The impact of climate change in Nigeria is associated with weather-related disasters, which have become more frequent in recent decades. The nation’s natural and agricultural ecosystems are susceptible to the effects of climate change and these vulnerability factors underline the need to respond to the challenges of climate change in a comprehensive and systematic manner, while addressing broader development priorities.
Consequently, the Policy Advocacy Project Partnership on Climate Change (PAPPCC) undertook a Climate Change Mapping exercise in 10 constituencies from five local government areas (LGAs) in Lagos State. The venture is regarded as a response to climate change adaptation employed to provide information about potential impacts from temperature variability, flooding, storm surges and irregular rainfall on some selected prone areas in the state.
The LGAs are Badagry, Epe, Eti-Osa, Ibeju-Lekki and Ikorodu, and their selection was based on the researchers’ engagement with the members of the Environment Committee of the Lagos State House of Assembly (LAHA). Findings show that increasing temperature is the most worrying climate change challenge in most of the communities being studied, with flooding, storm and irregular rainfall following in that order.
The survey reveals that a lot of awareness is needed at the community level as many people see changes in their environment as “an act of God” and so nothing can be done about them. It also reveals that while there are still some scientific gaps in knowledge about climate change, current evidences about the reality of the problem are enough for policy makers to take decisions.
Evidences, it adds, show that while various sectors of local economies are susceptible, climate change impacts human rights, including the right to life and physical safety, health, food, water, means of subsistence, property, housing and shelter, development, culture and a healthy environment.
While tree planting was observed in some communities, gender is considered an important factor in determining people’s vulnerability to climate change, which impacts agricultural productivity and results in food insecurity.
Similarly, climate change affects water availability, quality and quantity of potable water in most of the communities, even as temperature variability impacts were reported as posing the most worrying climate change issue in all constituencies.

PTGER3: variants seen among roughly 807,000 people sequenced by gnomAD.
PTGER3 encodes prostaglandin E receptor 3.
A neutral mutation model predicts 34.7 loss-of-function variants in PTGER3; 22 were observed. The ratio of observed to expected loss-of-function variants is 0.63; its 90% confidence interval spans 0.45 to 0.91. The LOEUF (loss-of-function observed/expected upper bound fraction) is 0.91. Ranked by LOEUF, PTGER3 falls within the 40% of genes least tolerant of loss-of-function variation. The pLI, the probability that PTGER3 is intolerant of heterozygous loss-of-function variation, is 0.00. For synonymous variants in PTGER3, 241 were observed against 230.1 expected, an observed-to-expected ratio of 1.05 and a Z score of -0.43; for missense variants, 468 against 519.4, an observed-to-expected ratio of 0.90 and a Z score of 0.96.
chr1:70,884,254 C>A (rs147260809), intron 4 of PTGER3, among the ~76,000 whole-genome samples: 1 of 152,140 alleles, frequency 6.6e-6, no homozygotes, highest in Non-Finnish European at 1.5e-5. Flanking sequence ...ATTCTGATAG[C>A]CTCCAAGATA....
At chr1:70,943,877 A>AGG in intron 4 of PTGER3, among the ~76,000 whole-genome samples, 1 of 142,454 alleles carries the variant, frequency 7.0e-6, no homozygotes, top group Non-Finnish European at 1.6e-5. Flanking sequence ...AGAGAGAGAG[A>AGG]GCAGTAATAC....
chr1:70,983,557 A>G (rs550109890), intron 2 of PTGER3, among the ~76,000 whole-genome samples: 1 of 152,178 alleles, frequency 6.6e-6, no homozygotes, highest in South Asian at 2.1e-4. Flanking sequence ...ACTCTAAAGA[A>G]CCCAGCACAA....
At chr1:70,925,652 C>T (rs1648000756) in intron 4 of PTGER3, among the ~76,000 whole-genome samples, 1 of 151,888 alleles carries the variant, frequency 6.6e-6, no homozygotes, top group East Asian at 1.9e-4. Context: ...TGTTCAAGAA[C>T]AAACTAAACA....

Further, the study observes that climate change: contributes greatly to increasing health problems; manifests in flooding in low lying coastal areas; and affects infrastructures. Additionally, deforestation and other forms of environmental degradation are widespread in the constituencies, therefore reducing the role of ecosystem in moderating carbon cycle.
Typically, many residents depend on electricity generators for cooling which is also an adaptation option to effects of high temperature. Rain-fed agriculture is widely practiced in the communities.
The study wants the authorities to put in place a climate change adaptation communication and outreach strategy with the objective of enabling a level of understanding that will allow all stakeholders to participate actively in climate change adaptation.
It likewise recommends that government should strengthen the adaptive capacity of communities by providing information and technical know-how, facilitating access to micro-credit and other measures.
The need to enhance decision makers’ responsiveness to increase sensitivity towards environmental and social changes was underscored. It was recommended that civil society organisations (CSOs) should be empowered to carry out research that will deepen the understanding of communities’ awareness and vulnerability and the status of community adaptation to climate change, and run training programmes on climate change adaptation for communities.
The research underlined the need: for LGAs to develop practical approaches to community-based adaptation to climate change; to include climate change in all local decision making, day-day operations, planning and development, financial systems and human resource allocations; to strengthen health care delivery system at all levels to cope with emergencies; to promote food production, improve food hygiene and water supply at the local levels; to establish flexible institutions to enable quick adjustment to environmental changes; to support communication on climate change across all sectors and levels; for more research based on current observations of weather-related changes in population health; to raise awareness and build capacities by training officials on the implications of climate change for the water sector and adaptation options; and, to promote skills development for the green economy transition.
The study, which is being rounded up, concludes that climate change is a global problem but its impacts are localised and are felt mostly by the vulnerable people residing in the rural areas of the state. It states that viable solutions require the active participation of local communities in formulating and implementing policies, and that adaptive capacity at the local level have worked for centuries and need to be adopted into new policies and strategies that will be put in place to respond to the needs as well as enhance the resilience of the most vulnerable groups in society at that level.
“We realised that inadequate institutional support and inappropriate policies are the major constraint to adaptation, which limit access to much-needed natural resources by communities dependent on such resources for both survival and adaptation to environmental change and climate variability. These policies and programmes should be designed to include local knowledge and inclusiveness as the rural dweller seemed so very remote from the local government,” discloses one of the researchers involved in the project.